The infrastructure cost planning model : an integrated solution to cost effective design
Saroop, Shian Hemraj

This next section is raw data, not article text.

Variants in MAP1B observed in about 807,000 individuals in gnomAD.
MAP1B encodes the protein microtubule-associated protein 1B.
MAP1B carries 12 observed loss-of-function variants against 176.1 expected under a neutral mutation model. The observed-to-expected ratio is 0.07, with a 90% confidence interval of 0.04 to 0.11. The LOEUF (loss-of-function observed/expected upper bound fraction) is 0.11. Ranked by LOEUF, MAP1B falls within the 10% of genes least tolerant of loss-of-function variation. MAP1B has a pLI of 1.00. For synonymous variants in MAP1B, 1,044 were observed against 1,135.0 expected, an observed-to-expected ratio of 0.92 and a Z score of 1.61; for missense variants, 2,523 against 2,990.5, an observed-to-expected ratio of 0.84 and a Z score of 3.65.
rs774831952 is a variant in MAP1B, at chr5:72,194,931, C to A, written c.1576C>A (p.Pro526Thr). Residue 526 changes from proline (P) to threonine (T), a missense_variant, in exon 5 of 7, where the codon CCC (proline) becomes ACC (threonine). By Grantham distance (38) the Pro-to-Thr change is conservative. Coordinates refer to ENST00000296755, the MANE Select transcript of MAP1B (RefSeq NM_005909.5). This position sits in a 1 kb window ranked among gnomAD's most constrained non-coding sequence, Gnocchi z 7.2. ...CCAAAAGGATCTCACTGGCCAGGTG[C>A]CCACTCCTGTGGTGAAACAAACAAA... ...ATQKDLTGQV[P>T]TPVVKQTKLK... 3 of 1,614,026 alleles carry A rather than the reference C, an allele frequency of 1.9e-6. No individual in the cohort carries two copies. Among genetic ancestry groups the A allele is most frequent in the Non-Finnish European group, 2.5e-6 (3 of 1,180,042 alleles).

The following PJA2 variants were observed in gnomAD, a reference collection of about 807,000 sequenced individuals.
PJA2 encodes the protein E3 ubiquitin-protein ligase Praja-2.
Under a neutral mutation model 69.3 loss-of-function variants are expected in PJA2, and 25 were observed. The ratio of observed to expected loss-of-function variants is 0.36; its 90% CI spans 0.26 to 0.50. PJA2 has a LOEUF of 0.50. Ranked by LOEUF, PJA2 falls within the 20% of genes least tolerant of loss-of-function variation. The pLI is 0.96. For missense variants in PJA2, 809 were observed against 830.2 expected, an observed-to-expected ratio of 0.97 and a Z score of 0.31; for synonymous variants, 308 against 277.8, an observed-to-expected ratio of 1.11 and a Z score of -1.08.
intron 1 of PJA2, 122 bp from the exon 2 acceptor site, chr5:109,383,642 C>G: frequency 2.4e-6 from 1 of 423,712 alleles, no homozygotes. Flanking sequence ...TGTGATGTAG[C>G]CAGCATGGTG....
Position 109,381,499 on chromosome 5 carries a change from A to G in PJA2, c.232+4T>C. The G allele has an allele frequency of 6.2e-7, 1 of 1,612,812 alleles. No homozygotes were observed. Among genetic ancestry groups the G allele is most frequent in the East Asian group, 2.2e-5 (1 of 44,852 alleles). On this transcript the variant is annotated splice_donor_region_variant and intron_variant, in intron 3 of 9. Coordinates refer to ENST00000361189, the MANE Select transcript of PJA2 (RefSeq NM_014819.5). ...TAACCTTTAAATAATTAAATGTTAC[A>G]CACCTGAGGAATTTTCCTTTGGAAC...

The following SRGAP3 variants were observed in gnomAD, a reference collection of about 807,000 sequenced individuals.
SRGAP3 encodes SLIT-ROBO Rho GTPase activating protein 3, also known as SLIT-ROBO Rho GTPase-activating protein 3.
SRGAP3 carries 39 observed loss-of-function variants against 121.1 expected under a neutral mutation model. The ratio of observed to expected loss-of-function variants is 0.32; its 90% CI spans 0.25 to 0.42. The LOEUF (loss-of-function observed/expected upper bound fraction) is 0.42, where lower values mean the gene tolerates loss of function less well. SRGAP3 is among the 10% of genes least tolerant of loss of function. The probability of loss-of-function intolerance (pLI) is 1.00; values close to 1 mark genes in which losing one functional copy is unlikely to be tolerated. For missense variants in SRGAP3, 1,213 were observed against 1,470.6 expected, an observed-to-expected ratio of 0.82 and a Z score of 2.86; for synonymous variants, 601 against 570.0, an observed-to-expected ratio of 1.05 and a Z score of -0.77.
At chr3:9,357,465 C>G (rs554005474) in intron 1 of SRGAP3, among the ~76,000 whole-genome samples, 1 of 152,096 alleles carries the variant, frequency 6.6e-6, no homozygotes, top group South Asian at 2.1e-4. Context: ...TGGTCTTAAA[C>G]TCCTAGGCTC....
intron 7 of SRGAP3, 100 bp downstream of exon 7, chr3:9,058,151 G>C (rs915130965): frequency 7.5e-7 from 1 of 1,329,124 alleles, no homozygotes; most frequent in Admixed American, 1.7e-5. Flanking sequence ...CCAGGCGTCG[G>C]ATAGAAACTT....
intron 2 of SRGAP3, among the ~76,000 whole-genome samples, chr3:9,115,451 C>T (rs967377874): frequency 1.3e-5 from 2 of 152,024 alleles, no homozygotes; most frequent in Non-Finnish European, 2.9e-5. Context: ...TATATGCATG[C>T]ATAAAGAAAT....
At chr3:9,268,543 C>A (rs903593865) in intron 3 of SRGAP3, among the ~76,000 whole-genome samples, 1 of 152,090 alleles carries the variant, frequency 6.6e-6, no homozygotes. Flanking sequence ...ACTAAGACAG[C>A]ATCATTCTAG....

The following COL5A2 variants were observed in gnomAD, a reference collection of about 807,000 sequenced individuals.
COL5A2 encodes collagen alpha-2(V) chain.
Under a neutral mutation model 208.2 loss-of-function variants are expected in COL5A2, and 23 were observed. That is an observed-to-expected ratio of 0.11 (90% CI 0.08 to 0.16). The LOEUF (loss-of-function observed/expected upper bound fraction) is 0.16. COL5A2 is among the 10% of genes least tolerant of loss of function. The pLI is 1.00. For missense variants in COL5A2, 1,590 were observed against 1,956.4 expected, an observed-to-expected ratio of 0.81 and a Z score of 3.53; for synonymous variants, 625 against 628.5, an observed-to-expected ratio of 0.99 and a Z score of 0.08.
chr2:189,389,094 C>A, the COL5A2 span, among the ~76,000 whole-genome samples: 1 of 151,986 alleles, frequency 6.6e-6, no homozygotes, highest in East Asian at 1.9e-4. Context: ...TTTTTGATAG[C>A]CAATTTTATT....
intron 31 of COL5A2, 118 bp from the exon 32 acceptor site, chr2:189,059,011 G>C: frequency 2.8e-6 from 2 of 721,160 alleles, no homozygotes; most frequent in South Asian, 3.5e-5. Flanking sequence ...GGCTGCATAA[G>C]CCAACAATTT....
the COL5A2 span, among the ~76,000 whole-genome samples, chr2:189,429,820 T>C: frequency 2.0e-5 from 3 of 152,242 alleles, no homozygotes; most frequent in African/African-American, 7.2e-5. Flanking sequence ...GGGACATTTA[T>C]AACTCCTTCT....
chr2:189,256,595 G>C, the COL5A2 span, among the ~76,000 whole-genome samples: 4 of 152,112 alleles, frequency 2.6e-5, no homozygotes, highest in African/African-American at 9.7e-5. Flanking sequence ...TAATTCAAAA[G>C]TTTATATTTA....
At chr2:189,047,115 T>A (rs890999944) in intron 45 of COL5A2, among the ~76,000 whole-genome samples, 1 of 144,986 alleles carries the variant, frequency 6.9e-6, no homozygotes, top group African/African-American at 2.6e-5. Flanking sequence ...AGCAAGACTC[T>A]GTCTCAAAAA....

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Infrastructure project costs are being scrutinised more closely and with greater skill and accuracy as projects have become larger, more complex and more expensive, and clients have become more exacting in their requirements. These and other factors compel engineers to design with greater care and in more detail. However, public planners spend very little time generating alternative project options, often presenting decision-makers with only a few poorly differentiated alternatives borrowed ad hoc from other projects. Even more disturbing is that they often devote the greatest amount of decision making resources to the development of a single decision rather than a variety of options. A systematic and iterative analysis of the cost consequences of different design solutions is commonly suggested for infrastructure projects, but rarely happens. There is a growing need to integrate design and costs. This study concentrates on the issue of cost optimisation of infrastructure projects (particularly at the design stage of the project) and applies construction economics, cost planning, cost optimisation and value engineering techniques to the design of such projects. The methodology proposed in this study for the optimisation of cost and design planning is the Infrastructure Cost Planning Model. This model divides the planning of a project into four stages and utilises twelve Cost Report Forms across these stages. The Cost Report Forms define in a comprehensive, precise and verifiable manner the essential characteristics of a deliverable component. They are used to measure, quantify, verify and audit the different design options. By means of the Cost Report Forms, the Infrastructure Cost Planning Model enables the client to select a combination of alternatives and evaluate a number of possible design options – with their cost implications – at each stage of the design process. This i promotes transparency and accountability, and enables consultants and clients to have greater control over the planning process and overall costs. Two case studies on infrastructure related projects were conducted and confirm that the Infrastructure Cost Planning Model can reduce costs. This study demonstrates that it is possible to overcome the problem of over expenditure by introducing cost effective design decisions prior to the infrastructure design approval process. The Infrastructure Cost Planning Model can improve infrastructure standards and procure design in a cost effective, equitable, competitive and transparent manner. This study contributes to the underdeveloped area of cost planning and forecasting of infrastructure projects. The findings are relevant to the South African government's infrastructure service delivery programme and the general issue of affordable infrastructure services.